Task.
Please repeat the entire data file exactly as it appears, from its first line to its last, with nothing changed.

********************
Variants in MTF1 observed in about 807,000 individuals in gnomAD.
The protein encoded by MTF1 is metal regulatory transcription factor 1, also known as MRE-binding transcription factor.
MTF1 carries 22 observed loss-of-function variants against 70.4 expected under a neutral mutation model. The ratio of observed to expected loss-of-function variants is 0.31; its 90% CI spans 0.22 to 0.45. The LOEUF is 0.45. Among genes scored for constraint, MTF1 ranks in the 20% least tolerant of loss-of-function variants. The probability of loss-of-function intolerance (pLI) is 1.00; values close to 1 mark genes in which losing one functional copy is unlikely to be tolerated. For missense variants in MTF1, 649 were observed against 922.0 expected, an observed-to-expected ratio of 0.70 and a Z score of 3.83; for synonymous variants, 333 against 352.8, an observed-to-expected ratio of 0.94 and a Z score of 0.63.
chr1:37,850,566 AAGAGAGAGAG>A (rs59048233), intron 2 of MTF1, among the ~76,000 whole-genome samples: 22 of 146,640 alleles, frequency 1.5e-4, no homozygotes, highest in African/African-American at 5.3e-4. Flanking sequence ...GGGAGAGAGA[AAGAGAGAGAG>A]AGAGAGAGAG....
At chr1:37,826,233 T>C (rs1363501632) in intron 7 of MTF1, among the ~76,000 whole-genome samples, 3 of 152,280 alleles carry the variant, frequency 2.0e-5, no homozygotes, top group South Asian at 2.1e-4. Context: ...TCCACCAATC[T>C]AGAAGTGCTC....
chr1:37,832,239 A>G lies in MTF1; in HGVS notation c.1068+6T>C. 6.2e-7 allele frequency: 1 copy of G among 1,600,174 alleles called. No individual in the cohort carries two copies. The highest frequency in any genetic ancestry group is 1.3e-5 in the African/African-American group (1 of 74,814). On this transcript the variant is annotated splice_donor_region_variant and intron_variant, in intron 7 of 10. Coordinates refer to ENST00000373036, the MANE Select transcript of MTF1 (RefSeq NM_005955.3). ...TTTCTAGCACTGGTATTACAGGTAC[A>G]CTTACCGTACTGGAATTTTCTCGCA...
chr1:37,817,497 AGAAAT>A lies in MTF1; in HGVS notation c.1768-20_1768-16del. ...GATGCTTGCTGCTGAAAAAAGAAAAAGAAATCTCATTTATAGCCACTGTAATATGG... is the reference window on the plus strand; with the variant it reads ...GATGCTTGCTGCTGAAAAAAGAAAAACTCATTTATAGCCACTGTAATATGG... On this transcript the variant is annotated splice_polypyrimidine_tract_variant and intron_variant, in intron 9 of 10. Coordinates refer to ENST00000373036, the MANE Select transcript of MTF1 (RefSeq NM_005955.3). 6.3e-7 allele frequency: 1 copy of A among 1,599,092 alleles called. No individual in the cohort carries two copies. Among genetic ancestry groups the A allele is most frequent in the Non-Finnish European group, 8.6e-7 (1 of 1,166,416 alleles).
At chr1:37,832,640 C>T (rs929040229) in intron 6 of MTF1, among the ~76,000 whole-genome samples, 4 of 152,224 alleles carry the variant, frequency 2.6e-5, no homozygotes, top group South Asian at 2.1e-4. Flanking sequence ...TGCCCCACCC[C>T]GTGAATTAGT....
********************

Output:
Variants in MTF1 observed in about 807,000 individuals in gnomAD.
The protein encoded by MTF1 is metal regulatory transcription factor 1, also known as MRE-binding transcription factor.
MTF1 carries 22 observed loss-of-function variants against 70.4 expected under a neutral mutation model. The ratio of observed to expected loss-of-function variants is 0.31; its 90% CI spans 0.22 to 0.45. The LOEUF is 0.45. Among genes scored for constraint, MTF1 ranks in the 20% least tolerant of loss-of-function variants. The probability of loss-of-function intolerance (pLI) is 1.00; values close to 1 mark genes in which losing one functional copy is unlikely to be tolerated. For missense variants in MTF1, 649 were observed against 922.0 expected, an observed-to-expected ratio of 0.70 and a Z score of 3.83; for synonymous variants, 333 against 352.8, an observed-to-expected ratio of 0.94 and a Z score of 0.63.
chr1:37,850,566 AAGAGAGAGAG>A (rs59048233), intron 2 of MTF1, among the ~76,000 whole-genome samples: 22 of 146,640 alleles, frequency 1.5e-4, no homozygotes, highest in African/African-American at 5.3e-4. Flanking sequence ...GGGAGAGAGA[AAGAGAGAGAG>A]AGAGAGAGAG....
At chr1:37,826,233 T>C (rs1363501632) in intron 7 of MTF1, among the ~76,000 whole-genome samples, 3 of 152,280 alleles carry the variant, frequency 2.0e-5, no homozygotes, top group South Asian at 2.1e-4. Context: ...TCCACCAATC[T>C]AGAAGTGCTC....
chr1:37,832,239 A>G lies in MTF1; in HGVS notation c.1068+6T>C. 6.2e-7 allele frequency: 1 copy of G among 1,600,174 alleles called. No individual in the cohort carries two copies. The highest frequency in any genetic ancestry group is 1.3e-5 in the African/African-American group (1 of 74,814). On this transcript the variant is annotated splice_donor_region_variant and intron_variant, in intron 7 of 10. Coordinates refer to ENST00000373036, the MANE Select transcript of MTF1 (RefSeq NM_005955.3). ...TTTCTAGCACTGGTATTACAGGTAC[A>G]CTTACCGTACTGGAATTTTCTCGCA...
chr1:37,817,497 AGAAAT>A lies in MTF1; in HGVS notation c.1768-20_1768-16del. ...GATGCTTGCTGCTGAAAAAAGAAAAAGAAATCTCATTTATAGCCACTGTAATATGG... is the reference window on the plus strand; with the variant it reads ...GATGCTTGCTGCTGAAAAAAGAAAAACTCATTTATAGCCACTGTAATATGG... On this transcript the variant is annotated splice_polypyrimidine_tract_variant and intron_variant, in intron 9 of 10. Coordinates refer to ENST00000373036, the MANE Select transcript of MTF1 (RefSeq NM_005955.3). 6.3e-7 allele frequency: 1 copy of A among 1,599,092 alleles called. No individual in the cohort carries two copies. Among genetic ancestry groups the A allele is most frequent in the Non-Finnish European group, 8.6e-7 (1 of 1,166,416 alleles).
At chr1:37,832,640 C>T (rs929040229) in intron 6 of MTF1, among the ~76,000 whole-genome samples, 4 of 152,224 alleles carry the variant, frequency 2.6e-5, no homozygotes, top group South Asian at 2.1e-4. Flanking sequence ...TGCCCCACCC[C>T]GTGAATTAGT....